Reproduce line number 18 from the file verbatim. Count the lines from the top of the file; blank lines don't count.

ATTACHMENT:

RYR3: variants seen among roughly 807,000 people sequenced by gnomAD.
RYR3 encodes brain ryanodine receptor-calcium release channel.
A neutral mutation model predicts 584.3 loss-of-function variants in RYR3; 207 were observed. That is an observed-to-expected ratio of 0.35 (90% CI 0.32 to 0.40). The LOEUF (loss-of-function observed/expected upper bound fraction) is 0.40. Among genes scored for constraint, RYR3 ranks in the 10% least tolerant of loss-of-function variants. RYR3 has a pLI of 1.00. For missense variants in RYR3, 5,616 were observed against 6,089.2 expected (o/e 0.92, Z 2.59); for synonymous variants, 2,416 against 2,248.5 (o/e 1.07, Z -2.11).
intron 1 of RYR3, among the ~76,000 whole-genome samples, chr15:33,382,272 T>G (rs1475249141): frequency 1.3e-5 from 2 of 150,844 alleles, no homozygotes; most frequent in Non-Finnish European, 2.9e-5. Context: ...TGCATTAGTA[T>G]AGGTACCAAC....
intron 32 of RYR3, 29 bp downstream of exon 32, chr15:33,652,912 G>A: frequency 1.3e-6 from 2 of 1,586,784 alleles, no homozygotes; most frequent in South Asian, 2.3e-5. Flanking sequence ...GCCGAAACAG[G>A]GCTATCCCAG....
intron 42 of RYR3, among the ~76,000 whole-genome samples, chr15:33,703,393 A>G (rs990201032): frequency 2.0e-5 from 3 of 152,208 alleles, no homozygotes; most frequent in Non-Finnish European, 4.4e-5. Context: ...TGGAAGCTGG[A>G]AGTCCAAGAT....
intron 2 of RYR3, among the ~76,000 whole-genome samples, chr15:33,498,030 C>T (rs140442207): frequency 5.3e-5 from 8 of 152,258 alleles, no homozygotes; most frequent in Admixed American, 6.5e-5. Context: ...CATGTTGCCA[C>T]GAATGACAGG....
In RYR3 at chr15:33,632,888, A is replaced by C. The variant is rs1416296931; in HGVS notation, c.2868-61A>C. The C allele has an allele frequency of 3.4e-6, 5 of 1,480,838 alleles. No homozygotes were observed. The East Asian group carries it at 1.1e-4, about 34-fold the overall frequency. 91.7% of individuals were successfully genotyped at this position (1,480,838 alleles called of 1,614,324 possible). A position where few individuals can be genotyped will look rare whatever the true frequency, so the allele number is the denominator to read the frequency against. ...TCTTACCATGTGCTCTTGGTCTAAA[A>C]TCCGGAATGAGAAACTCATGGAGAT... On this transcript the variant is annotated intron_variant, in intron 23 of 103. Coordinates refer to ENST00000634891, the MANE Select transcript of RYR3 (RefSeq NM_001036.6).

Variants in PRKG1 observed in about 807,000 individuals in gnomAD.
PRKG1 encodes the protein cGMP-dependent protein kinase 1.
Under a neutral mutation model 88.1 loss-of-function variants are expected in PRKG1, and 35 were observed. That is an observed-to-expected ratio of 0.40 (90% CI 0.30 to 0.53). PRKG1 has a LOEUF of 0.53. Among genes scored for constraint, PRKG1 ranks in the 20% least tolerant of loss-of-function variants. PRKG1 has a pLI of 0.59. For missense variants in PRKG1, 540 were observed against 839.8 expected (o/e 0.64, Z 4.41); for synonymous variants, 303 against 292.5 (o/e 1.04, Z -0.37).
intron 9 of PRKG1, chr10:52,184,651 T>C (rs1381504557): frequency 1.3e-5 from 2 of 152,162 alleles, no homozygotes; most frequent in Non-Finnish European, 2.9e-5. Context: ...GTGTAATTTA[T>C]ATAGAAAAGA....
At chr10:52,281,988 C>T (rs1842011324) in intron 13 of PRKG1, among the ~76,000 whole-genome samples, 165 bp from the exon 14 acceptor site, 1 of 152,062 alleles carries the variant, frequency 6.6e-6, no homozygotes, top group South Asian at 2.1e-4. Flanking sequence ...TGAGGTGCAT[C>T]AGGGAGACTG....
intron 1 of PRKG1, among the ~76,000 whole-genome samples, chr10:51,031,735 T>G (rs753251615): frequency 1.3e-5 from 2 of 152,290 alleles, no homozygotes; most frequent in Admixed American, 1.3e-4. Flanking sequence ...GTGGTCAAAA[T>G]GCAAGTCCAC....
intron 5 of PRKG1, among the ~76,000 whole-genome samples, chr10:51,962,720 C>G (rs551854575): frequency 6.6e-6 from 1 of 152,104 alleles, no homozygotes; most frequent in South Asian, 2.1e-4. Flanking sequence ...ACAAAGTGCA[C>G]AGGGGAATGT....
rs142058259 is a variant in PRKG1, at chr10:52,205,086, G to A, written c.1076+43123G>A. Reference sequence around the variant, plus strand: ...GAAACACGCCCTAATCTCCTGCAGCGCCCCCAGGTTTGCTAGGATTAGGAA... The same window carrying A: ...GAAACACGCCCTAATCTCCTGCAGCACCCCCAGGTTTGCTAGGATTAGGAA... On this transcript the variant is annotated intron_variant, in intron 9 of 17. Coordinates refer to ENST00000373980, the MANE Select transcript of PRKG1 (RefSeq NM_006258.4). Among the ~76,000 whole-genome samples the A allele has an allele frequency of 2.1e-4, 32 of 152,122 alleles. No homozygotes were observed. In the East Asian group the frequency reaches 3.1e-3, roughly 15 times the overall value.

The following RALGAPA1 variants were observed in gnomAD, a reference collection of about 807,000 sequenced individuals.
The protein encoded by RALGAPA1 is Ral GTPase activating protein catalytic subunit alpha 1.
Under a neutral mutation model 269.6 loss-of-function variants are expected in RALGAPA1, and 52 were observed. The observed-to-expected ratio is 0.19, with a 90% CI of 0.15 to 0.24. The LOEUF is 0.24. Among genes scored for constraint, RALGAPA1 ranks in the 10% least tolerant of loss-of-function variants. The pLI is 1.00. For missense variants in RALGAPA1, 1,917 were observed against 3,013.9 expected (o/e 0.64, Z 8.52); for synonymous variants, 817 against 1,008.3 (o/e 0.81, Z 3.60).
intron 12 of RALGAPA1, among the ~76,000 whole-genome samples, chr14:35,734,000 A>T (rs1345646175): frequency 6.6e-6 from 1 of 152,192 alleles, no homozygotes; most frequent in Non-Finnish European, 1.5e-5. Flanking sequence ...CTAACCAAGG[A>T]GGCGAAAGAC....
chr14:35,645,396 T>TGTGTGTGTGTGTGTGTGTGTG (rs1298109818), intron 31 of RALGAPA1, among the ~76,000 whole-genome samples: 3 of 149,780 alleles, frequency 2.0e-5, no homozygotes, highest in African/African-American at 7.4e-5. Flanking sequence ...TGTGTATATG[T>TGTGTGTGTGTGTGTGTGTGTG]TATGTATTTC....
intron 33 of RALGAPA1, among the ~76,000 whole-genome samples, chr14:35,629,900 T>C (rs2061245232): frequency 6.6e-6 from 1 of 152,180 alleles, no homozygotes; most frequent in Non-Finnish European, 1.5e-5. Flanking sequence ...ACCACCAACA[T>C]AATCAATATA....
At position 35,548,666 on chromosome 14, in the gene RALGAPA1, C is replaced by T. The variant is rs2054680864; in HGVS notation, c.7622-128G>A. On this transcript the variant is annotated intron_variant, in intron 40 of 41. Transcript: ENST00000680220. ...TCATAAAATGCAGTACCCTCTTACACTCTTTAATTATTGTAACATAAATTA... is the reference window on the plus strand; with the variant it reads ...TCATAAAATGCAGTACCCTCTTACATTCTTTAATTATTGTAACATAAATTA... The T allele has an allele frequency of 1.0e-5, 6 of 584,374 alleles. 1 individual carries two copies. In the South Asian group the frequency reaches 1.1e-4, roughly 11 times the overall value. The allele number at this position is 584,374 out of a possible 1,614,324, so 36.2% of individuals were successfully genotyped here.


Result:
The protein encoded by RALGAPA1 is Ral GTPase activating protein catalytic subunit alpha 1.